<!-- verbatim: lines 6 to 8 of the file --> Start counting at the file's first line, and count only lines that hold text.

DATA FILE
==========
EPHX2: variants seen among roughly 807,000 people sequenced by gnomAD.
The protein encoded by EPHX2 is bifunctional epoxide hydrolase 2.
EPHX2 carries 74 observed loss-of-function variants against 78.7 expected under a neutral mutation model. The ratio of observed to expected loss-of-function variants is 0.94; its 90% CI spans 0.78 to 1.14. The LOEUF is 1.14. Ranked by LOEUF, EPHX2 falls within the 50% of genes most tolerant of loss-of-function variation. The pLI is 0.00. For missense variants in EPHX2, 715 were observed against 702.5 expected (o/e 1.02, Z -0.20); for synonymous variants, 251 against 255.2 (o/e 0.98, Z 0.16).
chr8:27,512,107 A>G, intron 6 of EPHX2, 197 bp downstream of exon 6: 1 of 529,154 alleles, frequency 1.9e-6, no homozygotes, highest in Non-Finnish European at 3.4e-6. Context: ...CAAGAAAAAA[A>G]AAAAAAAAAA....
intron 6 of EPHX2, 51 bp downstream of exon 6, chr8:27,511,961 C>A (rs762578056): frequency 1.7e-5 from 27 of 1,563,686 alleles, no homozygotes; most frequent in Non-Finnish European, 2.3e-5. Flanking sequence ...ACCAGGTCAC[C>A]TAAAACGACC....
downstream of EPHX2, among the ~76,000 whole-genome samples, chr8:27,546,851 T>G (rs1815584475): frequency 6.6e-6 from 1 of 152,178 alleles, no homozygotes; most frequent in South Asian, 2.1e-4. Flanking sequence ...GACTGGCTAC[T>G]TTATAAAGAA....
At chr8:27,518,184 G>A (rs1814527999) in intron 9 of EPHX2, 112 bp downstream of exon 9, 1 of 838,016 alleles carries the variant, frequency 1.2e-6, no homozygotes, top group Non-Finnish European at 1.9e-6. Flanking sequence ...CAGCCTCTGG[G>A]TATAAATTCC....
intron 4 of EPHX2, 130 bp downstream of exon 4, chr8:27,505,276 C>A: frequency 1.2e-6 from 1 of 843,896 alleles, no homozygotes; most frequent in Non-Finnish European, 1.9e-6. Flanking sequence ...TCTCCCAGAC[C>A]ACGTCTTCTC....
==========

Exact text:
downstream of EPHX2, among the ~76,000 whole-genome samples, chr8:27,546,851 T>G (rs1815584475): frequency 6.6e-6 from 1 of 152,178 alleles, no homozygotes; most frequent in South Asian, 2.1e-4. Flanking sequence ...GACTGGCTAC[T>G]TTATAAAGAA....
At chr8:27,518,184 G>A (rs1814527999) in intron 9 of EPHX2, 112 bp downstream of exon 9, 1 of 838,016 alleles carries the variant, frequency 1.2e-6, no homozygotes, top group Non-Finnish European at 1.9e-6. Flanking sequence ...CAGCCTCTGG[G>A]TATAAATTCC....
intron 4 of EPHX2, 130 bp downstream of exon 4, chr8:27,505,276 C>A: frequency 1.2e-6 from 1 of 843,896 alleles, no homozygotes; most frequent in Non-Finnish European, 1.9e-6. Flanking sequence ...TCTCCCAGAC[C>A]ACGTCTTCTC....